Discrimination faced by Mumbaikars...

If the housing societies in Mumbai (Bombay) are only meant for families (married couples), then the government of Maharashtra should make marriage compulsory in the state/city.
Or else the government should tell its citizens where will Unmarried, Divorcees, Bachelors, Spinsters live in the city of skyscrapers or is Bombay only for those who have families.
This is one of the greatest mental blocks of Mumbaikars, who otherwise want to bask in the FALSE HALO of Cosmopolitanism.
This disease (of not giving apartments to Bachelors, Muslims, etc on rent) is specially prevalent in housing societies where the Gujaratis, Marathis and North Indians (to some extent) abound; while the rest of the population is more or less okay with the concept.
The government of Maharashtra should take this matter seriously and devise laws to eradicate this malice ASAP, so that BOMBAY (and its suburbs) becomes free of discrimination based on Marital Status, Religion, etc. Or else the Honourable Supreme Court of India should step in, and give directions to the state or central governments -- so that the fundamental rights of its citizens enshrined in the constitution of India is not violated.

Thursday, January 09, 2014

Indian iron-ore imports to keep rising - Steel Ministry
KOLKATA - India’s iron-ore import dependency would see a quantum jump if the country’s steel production target of 300-million tonnes a year was achieved by 2025, an assessment report prepared by the Steel Ministry said.

With several brownfield steel projects planned and under implementation and greenfield plants in the pipeline, the targeted production of 300-million tonnes a year would require iron-ore production of around 480-million tonnes a year against a current production level of 136-million tonnes in 2012/13, which was down from 213-million tonnes of ore produced in 2008/09, the report said.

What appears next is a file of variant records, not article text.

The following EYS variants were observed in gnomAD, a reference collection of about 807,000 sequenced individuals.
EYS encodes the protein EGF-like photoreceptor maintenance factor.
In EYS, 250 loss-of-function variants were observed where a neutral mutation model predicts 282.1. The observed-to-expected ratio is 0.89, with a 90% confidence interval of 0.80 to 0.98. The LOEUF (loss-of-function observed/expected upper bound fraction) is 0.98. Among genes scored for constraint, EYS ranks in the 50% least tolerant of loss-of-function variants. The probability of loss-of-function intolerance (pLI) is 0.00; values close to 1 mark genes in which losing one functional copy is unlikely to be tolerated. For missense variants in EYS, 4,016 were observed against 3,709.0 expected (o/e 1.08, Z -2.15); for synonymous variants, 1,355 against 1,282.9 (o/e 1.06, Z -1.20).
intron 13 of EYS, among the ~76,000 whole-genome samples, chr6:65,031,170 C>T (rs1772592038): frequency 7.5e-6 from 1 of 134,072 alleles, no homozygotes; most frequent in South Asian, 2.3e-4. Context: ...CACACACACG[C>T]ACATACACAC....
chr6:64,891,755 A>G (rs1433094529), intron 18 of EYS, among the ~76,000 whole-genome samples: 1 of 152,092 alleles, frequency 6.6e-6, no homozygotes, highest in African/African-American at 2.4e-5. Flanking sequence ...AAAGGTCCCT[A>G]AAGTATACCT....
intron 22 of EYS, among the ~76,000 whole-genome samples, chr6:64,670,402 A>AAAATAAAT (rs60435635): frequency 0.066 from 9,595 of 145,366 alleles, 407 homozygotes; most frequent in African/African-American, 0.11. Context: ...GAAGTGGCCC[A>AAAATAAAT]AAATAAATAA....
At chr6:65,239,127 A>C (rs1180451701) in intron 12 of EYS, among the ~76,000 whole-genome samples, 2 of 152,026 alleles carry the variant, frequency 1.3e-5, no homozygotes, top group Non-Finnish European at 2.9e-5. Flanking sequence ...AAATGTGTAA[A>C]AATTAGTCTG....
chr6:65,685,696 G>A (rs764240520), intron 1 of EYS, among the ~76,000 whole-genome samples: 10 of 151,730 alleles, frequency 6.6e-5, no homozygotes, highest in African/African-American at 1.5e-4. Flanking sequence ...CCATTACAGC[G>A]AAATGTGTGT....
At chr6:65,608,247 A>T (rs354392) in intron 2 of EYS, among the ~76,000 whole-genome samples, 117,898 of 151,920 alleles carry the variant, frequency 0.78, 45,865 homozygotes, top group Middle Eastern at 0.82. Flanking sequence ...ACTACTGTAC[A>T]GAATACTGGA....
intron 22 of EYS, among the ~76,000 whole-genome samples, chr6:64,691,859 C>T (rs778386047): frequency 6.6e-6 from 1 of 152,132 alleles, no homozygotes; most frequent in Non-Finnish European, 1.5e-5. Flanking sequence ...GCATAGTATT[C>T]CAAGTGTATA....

Reviewing the growth in domestic steel production, the Ministry has identified the availability of iron-ore as the single biggest challenge in achieving finished steel production targets.

The capacity addition by domestic steel producers between 2008/09 and 2012/13, which saw demand for iron-ore increase from 87-million tonnes a year to 125-million tonnes a year, indicated that domestic production from mines would not be able to support the projected growth in steel production, necessitating increasing import dependency for the raw material, the report said.

The report has been placed before the Planning Commission, the apex economic advisory body, for a strategic policy initiative to address the issue.

The Ministry said that with domestic iron-ore production falling below the 200-million-tonne-a-year mark, it would not be able to ramp up production in the short term, meaning a case could be made for continuing the 30% export tax as a disincentive to shipping the raw material overseas.

According to estimates made by the domestic steel industry, iron-ore imports during the current fiscal would be around 5-million tonnes, up from 3.5-million tonnes in 2012/13, mainly by steel plants located along the coastline or in proximity to ports.

Steel sector analysts said that capacity utilization of domestic steel mills was about 81% of installed capacity, producing 78.3-million tonnes of steel in 2012/13. The suboptimal realisation of profits on the back of investments made was primarily owing to a shortage of raw material.

During January to October 2013, Indian iron-ore production has been pegged at 66-million tonnes.

Courtesy: Mining Weekly